The blue-green nebulosity spread out into an arc that described a circular section of a sphere and took on a molasses-like consistency that rapidly solidified.

Grape stopped as I slid back on the ground, the back of my head fetched up against the hawser-like rope delineating the arena. The apparitional surface was wide enough that he couldn't roll one way or another even as he tried. I tilted it and compensated to support his shifting weight as he pulled one pseudo-drunken antic after another.

In effect, for a few seconds, I'd stopped and trapped him leaning toward me. I pushed with my rear legs trying to find some better traction, but that only brought them to my belly as the rope barrier kept me from going any further. I could see the archway pillar to my right. I'd luckily missed striking my horn by a hoof-width.

Though a pony, Grape actually roared his rage. His teeth clacked as he snapped at me, as if he would bite had he had the chance to connect.

I guess I'd managed to hit a sore spot with my taunt.

Wait a moment! My legs were flexed and I had caught him overbalanced toward me.

I swept up my rear legs.

I let go of my spell.

He fell toward me.

I brushed his ear with my right hoof, missing, but his instinctive dodging to my left combined with him reflexively trying to slow an inevitable face-plant in my groin, I struck him with my left hoof.

I hit his temple.

He jerked forward in a spasm. His full weight landed on top me with stunning force. He weighed about what I weighed, but if you've ever been so unlucky to have a sack of flour roll over on you (I had when I was six), it's substantial.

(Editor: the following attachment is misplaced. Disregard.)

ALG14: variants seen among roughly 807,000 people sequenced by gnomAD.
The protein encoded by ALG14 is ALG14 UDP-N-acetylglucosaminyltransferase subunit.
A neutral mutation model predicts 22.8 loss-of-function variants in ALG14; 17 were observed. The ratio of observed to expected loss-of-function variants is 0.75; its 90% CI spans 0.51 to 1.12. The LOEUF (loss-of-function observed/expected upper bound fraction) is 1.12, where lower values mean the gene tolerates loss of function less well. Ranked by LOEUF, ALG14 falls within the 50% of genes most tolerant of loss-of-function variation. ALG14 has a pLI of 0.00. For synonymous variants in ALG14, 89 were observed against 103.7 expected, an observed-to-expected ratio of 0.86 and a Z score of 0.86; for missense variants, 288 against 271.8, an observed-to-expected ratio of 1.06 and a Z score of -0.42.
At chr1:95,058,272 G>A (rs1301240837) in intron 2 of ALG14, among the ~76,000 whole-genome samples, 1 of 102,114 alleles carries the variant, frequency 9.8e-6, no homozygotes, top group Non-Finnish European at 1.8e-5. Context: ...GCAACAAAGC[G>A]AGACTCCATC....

I had no wind to be struck out of me, so that was good. I gasped.

He had landed bonelessly on me.

My mind screamed, Dead!

Okay, I must have breathed, because I shrieked, batting with both my forelegs even as I planted my rear hooves. I thrust with my hips, and as that lifted him, I got my fore hooves under him then my rear hooves, and I shoved him to the right.

I shrieked again as he landed beside me with all the animation of that remembered falling sack of flour. My thoughts shifted 180° counter-clockwise and I jumped up.

He couldn't be dead. I couldn't have killed him. What had I done?

I was atop of him, ear against his chest with the speed of an earth pony.

Thump, thump.

"Thank Celestia!" I cried.

I lifted my front half and his chest went up and down. As I stood over him, blood from my side dripped on his leg.

Whistlebutt stallion-hoofed me out of the way as Dr. Feel galloped to his side.

Somebody on the other side of the rope said, "She knocked out Punch Drunk!"

Shouts of the same roared out all around, then cheers.

Dr. Feel's sky blue magic popped in and out of his body as she confirmed, "He's out cold."

"Punch Drunk?" I said, knowing I'd heard that name. "Punch Drunk? Wait? Not the stallion Shadow Strike said Secretariat beat to cinch the championship?"

"The one," Whistlebutt said, not turning from the purple stallion laying beside him. "So much for him trying for the championship this year."

The crowd chanted, "Princess Grim! Princess Grim! Princess Grim!"

I hissed and blinked. "Celestia on Roller-skates."

Grape, aka Punch Drunk, groaned, then coughed. He tried to get up, but Whistlebutt pushed him down. "Wha? W-W-Wha haffened?"

"Just rest, my friend."

I looked at the crowd. They were cheering me? I'd been incredibly lucky just now. I'd figured out Shield, which I'd studied since I'd first started defense training. Proper Step hadn't included it in the curriculum. Of course not. But I'd researched and had repeatedly failed to manifest it.

Until now.

I reviewed the math, modified the wish predicate to what I now knew it needed, and pushed splendors of magic into my horn.

An arc the size of a slice of watermelon manifested and I turned to face the closest ponies. They cheered even more. I felt my face warm.

My aches were coming painful. The hit above my eye had started to grow puffy and sent intermittent spikes of blue agony toward the center of my head. Oddly, I felt good.

I'd just beat another pony unconscious.

I'd just beat another pony unconscious.

I had just beaten another pony.

I liked the feeling.

A lot.

No, I adored it.

"Well, well," I said, letting the shield spell spin into oblivion, and smiled.